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Enhancing ArcSDE Layer Display Speed
By Danny Krouk and Girk Cakmak, Esri-California

ArcSDE provides high-performance, enterprisewide data serving solutions for GIS data. In the GIS world, we like our layers to be large and seamless, but most of our work gets done in small areas of those large layers. Much of the real benefit of ArcSDE is in its ability to solve this "give me a small piece of this big area" problem.

However, what happens when your GIS users need to work with the full extent of large layers? ArcSDE will serve that data up, but your users should be prepared for a wait as tens of megabytes traverse the network from the database to their application.

The problem of how to deliver huge amounts of data across a network is a tricky one. There are no easy answers. However, ArcSDE has a little-known utility called sdegroup that can help with some aspects of this problem. If your primary objective is improving the display speed of large extent draws, sdegroup may offer some benefits. This article describes what sdegroup does, its pros and cons, and some best practices for implementing it.

The sdegroup Command

The sdegroup command allows you to create summarized or grouped copies of ArcSDE layers. These grouped layers look just like regular layers, but they draw more quickly. The improvement in drawing speed can be quite dramatic. In informal testing, sdegroup layers displayed between two and 10 times faster than the original ArcSDE layers.

Of course, there is a trade-off. Because sdegroup layers have no attributes, most identify or attribute query functionality on sdegroup layers is eliminated and options for symbology are limited. Although sdegroup layers are just for display, they do display quickly and that can supply a piece that may be missing in your ArcSDE solution.

An example illustrates this point. Users get the original ArcSDE layer when working in manageably sized areas but, as they zoom out and performance degrades, original layer drawing is suppressed and the sdegroup layer draws instead. In principle, this is how sdegroup layers are beneficial.

Key Considerations When Using sdegroup

  • Draws 2 to10 times faster than regular ArcSDE layers.
  • Only allows one attribute.
  • Polygons can only be represented as lines.
  • Is very useful for Internet applications.
  • Uses scale dependency.
  • Manages Identify functionality.
  • Has potential for desktop users.
  • Uses layer files.
  • Requires that you educate desktop users.

A Bit More Detail

The reason sdegroup layers do not have any meaningful attributes is because the sdegroup command merges features that are near one another in space. Merging saves on storage space and allows more rapid data retrieval. For example, consider a layer of street data. If we place an imaginary grid over the street network, all of the features in a single grid cell are merged into a single geometry. If the 100 block of State Street and the 700 block of Main Street fell in the same grid cell, those features would be merged together. The geometry would look the same but if you selected either State or Main, the new grouped feature (containing both the 100 block of State Street and 700 block of Main Street) would be selected. In this case, the original attributes of both blocks cannot meaningfully serve this grouped geometry. Called grouping by tile, this is the default behavior of sdegroup.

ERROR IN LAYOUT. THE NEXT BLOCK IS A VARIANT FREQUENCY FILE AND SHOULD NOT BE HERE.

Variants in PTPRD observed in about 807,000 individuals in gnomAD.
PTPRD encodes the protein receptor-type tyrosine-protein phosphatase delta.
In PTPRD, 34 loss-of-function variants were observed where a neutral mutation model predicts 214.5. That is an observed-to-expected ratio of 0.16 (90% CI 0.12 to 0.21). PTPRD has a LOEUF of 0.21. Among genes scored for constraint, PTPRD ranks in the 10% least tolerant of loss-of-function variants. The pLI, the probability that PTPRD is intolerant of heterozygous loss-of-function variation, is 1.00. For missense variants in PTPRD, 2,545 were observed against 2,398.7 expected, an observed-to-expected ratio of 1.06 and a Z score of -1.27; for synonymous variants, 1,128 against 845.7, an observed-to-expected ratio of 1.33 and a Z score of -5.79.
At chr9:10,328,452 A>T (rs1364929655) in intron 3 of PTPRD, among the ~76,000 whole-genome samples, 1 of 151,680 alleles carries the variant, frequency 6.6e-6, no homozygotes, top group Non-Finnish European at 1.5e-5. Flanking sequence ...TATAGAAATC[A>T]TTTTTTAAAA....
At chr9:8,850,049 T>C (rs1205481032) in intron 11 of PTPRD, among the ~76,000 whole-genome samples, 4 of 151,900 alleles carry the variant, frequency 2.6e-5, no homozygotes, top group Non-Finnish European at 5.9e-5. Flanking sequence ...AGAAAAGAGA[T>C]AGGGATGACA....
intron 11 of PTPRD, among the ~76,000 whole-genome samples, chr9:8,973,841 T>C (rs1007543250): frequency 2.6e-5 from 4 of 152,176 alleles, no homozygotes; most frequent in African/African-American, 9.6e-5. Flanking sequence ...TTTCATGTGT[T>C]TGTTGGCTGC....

However, there is a way to maintain one attribute on an sdegroup layer. This can be useful if you need an attribute for symbology purposes. For example, in a layer of sewer mains, one attribute may indicate the service region. Typically, when users draw the data at the full extent, they want to see the pipes colored by service region. Instead of grouping by tile, grouping features by the service region attribute will result in all of the pipes in each region being grouped into a single feature. While not very useful for seeing details, such as the material or diameter of a particular pipe segment, grouping by attribute maintains an attribute that allows for the generation of necessary symbology.

Either strategy—tile or attribute—involves a bit of a balancing act. You want to group features to improve display speed. However, you also want the group size to be fairly even. Using the street network example, if you grouped the street layer by street type, you would have many streets, boulevards, and avenues but few highways, circles, and places. However, these features would not be near each other in space and this would limit performance. In addition, groups can become too large. While grouping all features into only one or two groups might work well when displaying the layer at the full extent, zooming in 50 percent would require accessing the whole layer—just what you are trying to avoid by using an sdegroup layer.

There is another major limitation with sdegroup layers. Apply sdegroup to a point layer, you get a point layer. Apply sdegroup to a line layer, you get a line layer. Apply sdegroup to a polygon layer, you get a line layer. Yes, you read that correctly—sdegroup polygon layers don't exist because the Open GIS Consortium (OGC) and SQL Multimedia (SQLMM) standards both stipulate that polygon elements within a multipolygon feature may not intersect at a line or polygon. Given this restriction, there are two choices—dissolve the interior boundaries to create one big polygon or treat the polygons as lines. Because sdegroup treats the polygons as lines, although sdegroup can be applied to a parcel layer, you cannot have a fill symbol on the result. However, this can be handled by having these lines draw on top of a less detailed solid-fill background, such as a jurisdiction boundary or land use polygon layer.

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